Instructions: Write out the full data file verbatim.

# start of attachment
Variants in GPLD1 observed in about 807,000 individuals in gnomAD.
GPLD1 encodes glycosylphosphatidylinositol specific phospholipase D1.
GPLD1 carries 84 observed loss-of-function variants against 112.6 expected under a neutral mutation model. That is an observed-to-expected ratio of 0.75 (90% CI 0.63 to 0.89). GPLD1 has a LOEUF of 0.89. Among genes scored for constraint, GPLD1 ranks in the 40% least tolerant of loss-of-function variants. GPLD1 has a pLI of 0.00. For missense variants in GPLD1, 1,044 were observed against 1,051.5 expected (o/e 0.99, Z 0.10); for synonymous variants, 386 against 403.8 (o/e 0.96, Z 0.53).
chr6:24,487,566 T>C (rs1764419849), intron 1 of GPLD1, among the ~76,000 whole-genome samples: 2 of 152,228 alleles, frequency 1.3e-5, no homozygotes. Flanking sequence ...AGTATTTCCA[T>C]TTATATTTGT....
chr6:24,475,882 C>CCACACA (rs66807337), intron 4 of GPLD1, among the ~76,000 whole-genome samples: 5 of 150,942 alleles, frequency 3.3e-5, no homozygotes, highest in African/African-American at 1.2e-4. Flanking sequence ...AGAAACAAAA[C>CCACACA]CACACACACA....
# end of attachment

Variants in GPLD1 observed in about 807,000 individuals in gnomAD.
GPLD1 encodes glycosylphosphatidylinositol specific phospholipase D1.
GPLD1 carries 84 observed loss-of-function variants against 112.6 expected under a neutral mutation model. That is an observed-to-expected ratio of 0.75 (90% CI 0.63 to 0.89). GPLD1 has a LOEUF of 0.89. Among genes scored for constraint, GPLD1 ranks in the 40% least tolerant of loss-of-function variants. GPLD1 has a pLI of 0.00. For missense variants in GPLD1, 1,044 were observed against 1,051.5 expected (o/e 0.99, Z 0.10); for synonymous variants, 386 against 403.8 (o/e 0.96, Z 0.53).
chr6:24,487,566 T>C (rs1764419849), intron 1 of GPLD1, among the ~76,000 whole-genome samples: 2 of 152,228 alleles, frequency 1.3e-5, no homozygotes. Flanking sequence ...AGTATTTCCA[T>C]TTATATTTGT....
chr6:24,475,882 C>CCACACA (rs66807337), intron 4 of GPLD1, among the ~76,000 whole-genome samples: 5 of 150,942 alleles, frequency 3.3e-5, no homozygotes, highest in African/African-American at 1.2e-4. Flanking sequence ...AGAAACAAAA[C>CCACACA]CACACACACA....